Smaller trailers don't gain as much notoriety, but sometimes there's a need for something more subtle, and dare I say it, finesse. Reins is a soft plastic bait company out of Japan with an interesting take on soft bait profiles. They have a craw trailer that I've been fishing for a while and is the subject of today's article. Introducing Reins's Ax Craw soft plastic trailer.
Shows you how long I've had this bait, it used to be
called the Ax Claw
Impressions: The Ax Craw (formerly the Ax Claw) from Reins is available in two sizes, three and a half and four inches (3.5" & 4"). Out of the package, the 3.5" feels more like two and a quarter or three. It's a very compact bait with two claw like appendages, and four smaller ones (two on either side of the body) back towards the tail.
The ribs extend from each side, all the way around the
The bait's body is partially covered in rings, or in this case ribs and the claws have diagonal lines on their surface. They are packaged in a resealable bag that includes some type of fish attractant scent or at least one to mask that of us humans.
Claws are attached on either side of the bait, not
extended from the head
Real World Tests: My primary use of the Ax Craw has bee on the back of smaller jigs to complete my finesse jig offerings. I've also fished them solo rigged with a pegged bullet weight and worm hook, on the back of underspins and as a drop shot bait. Thanks to its size, it can be used any number of unconventional ways you might not fish a standard trailer bait with traditional size and bulkiness.
Rigged in atypical fashion on the back of an underspin
The Ax Craw's front appendages (the actual claws) are not attached out of the package so there's no option to keep them together. When fished on the back of a jig, the flap up and down in unison very well, but occasionally, one claw or the other will flap around as if waving hello to any fish watching. If you swim that jig back, the claws will flap around rather randomly - sometimes in unison, often times not, usually resembling a person doing the rope workout with alternating arms.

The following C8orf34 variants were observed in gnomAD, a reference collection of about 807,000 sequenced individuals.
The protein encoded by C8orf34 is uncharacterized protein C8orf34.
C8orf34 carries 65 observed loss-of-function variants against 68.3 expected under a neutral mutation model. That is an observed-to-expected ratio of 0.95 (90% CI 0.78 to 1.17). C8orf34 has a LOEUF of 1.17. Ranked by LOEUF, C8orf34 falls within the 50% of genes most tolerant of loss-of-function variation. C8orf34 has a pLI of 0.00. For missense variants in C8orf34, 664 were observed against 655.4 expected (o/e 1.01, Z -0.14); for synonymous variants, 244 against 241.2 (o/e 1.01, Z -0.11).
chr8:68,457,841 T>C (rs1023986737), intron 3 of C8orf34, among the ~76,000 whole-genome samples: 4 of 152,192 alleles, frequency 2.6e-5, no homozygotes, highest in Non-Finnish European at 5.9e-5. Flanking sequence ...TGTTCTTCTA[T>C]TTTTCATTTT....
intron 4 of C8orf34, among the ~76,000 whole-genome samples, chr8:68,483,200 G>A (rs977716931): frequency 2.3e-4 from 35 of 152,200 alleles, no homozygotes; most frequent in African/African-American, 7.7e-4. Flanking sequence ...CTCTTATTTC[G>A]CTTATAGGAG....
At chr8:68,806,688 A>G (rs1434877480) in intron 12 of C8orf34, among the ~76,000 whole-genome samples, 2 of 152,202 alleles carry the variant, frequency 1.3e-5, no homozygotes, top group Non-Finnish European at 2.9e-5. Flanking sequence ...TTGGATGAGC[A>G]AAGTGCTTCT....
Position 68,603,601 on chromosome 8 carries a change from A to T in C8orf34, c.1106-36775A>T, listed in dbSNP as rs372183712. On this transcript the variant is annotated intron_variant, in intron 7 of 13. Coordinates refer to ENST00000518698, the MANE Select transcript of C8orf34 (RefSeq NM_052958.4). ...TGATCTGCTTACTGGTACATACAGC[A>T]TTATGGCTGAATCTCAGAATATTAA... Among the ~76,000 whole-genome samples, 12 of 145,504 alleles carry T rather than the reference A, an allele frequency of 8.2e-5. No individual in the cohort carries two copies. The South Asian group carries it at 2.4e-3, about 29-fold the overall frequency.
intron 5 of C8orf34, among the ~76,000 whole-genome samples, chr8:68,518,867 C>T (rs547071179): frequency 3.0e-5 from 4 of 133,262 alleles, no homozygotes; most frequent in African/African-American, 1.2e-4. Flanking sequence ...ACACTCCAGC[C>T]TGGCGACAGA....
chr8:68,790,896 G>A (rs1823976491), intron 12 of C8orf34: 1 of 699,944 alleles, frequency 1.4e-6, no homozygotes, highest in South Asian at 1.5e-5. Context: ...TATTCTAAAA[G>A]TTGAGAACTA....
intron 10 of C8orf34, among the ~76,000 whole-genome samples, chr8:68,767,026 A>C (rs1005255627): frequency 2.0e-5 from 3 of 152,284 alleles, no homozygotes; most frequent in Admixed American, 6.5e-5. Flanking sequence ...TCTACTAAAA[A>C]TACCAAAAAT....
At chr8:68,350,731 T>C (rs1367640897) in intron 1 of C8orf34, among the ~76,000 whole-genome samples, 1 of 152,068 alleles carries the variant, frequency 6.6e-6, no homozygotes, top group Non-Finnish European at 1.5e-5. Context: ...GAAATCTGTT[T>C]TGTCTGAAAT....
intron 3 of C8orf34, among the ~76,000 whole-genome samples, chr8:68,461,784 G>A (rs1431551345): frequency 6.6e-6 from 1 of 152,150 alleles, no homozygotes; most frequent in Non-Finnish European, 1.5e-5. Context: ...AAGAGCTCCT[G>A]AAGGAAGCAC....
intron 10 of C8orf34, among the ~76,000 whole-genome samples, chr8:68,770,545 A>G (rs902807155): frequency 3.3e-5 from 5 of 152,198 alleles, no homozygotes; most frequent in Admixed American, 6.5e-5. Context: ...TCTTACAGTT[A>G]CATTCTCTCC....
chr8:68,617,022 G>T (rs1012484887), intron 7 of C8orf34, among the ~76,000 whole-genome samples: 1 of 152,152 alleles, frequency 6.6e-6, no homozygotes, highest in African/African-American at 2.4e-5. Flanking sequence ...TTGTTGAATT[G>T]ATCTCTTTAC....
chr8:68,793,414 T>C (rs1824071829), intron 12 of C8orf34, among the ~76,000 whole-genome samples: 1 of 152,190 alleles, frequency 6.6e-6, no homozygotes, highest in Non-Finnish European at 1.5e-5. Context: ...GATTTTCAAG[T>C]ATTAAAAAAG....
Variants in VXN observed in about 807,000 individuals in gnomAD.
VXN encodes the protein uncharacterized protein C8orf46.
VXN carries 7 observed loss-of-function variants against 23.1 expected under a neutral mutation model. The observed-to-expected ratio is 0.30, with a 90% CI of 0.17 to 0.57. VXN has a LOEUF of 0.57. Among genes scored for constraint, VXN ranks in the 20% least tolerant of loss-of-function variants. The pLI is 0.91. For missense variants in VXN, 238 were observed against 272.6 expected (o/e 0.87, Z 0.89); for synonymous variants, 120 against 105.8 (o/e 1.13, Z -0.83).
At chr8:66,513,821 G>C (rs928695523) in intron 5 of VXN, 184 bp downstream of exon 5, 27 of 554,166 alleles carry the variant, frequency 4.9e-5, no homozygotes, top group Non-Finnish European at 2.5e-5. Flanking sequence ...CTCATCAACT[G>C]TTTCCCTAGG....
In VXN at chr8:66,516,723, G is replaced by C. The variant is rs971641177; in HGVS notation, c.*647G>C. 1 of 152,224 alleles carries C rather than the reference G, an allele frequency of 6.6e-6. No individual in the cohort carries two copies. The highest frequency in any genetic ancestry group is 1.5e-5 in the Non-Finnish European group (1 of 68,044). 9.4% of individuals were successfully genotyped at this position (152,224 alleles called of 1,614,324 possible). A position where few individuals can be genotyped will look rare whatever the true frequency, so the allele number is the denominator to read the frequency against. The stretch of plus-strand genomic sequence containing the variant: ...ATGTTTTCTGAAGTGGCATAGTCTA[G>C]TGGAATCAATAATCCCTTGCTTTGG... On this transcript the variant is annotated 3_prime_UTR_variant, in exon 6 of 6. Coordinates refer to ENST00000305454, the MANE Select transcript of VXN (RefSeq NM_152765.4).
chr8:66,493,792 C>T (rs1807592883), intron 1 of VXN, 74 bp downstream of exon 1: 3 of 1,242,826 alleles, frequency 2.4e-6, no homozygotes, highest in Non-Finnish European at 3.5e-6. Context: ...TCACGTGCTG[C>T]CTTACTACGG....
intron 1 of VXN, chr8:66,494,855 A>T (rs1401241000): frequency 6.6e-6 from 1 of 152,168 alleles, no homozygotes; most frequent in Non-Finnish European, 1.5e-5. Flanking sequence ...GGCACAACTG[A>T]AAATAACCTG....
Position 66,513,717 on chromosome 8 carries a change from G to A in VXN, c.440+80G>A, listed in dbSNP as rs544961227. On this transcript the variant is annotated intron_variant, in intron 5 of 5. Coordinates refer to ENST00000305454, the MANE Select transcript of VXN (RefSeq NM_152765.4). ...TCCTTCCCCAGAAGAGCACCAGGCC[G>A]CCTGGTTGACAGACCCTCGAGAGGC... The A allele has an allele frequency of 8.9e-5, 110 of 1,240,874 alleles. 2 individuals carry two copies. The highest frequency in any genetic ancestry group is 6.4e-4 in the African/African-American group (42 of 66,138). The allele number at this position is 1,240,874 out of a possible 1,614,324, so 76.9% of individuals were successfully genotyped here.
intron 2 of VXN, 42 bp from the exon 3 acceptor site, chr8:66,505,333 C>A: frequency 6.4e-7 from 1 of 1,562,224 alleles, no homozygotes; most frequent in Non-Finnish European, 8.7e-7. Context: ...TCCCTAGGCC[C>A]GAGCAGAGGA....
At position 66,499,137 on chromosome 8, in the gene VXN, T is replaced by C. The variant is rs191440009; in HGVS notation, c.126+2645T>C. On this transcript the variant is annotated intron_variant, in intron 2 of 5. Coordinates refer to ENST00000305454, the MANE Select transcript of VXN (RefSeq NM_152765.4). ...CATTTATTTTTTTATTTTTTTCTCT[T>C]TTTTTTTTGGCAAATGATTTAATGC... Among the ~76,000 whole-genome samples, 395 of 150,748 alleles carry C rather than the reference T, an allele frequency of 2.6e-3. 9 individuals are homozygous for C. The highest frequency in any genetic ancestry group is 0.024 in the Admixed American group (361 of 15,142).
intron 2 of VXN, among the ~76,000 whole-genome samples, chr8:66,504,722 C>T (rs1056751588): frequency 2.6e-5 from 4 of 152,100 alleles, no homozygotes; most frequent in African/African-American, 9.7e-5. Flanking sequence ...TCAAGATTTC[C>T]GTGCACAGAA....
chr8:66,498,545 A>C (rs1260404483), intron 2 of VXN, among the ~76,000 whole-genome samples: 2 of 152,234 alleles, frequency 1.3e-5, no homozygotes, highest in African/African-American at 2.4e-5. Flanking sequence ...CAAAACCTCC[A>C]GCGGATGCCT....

The claws don't have tapered ends for swimming, but the ribs
along each claw catch enough water to make the claws swim
What I like best about this bait are the ribs on the compact body. While not as effective as those found on something like Missile Baits's D-Bomb trailer, the ribs on the Ax Craw can catch air, but they also present a softer texture to the fish without having to make the bait's plastic too soft. This helps to increase durability and give your bait a better chance of lasting through more than just a couple of bites.
The bait's claws have pretty good durability
Along those same lines, the bait's claws are attached in typical fashion, via a small soft plastic cross section at the shoulder, but they hold up relatively well. It takes a good tug or a very aggressive bite to pull the Ax Craw's claw off.
If you want to try the Ax Craw as a drop shot bait, tie on a
straight shank worm hook and thread the bait onto the hook like this - it
will last longer
Design & Ergonomics: The Ax Craw's color palette is limited to eight (8) colors all but one of which are somewhat basic. Reins has never been one to dizzy us with an array of cool or intricate color patterns rather, their preference is to deliver solid designs in proven patterns.
How much do we like this bait? This much!
Price & Applications: Price per package of Ax Craws ranges from $6.79 to $7.79 depending on the size with each pack containing six baits. That makes these little finesse trailers over $1.00 per bait. That's quite the premium to go finesse with your trailer.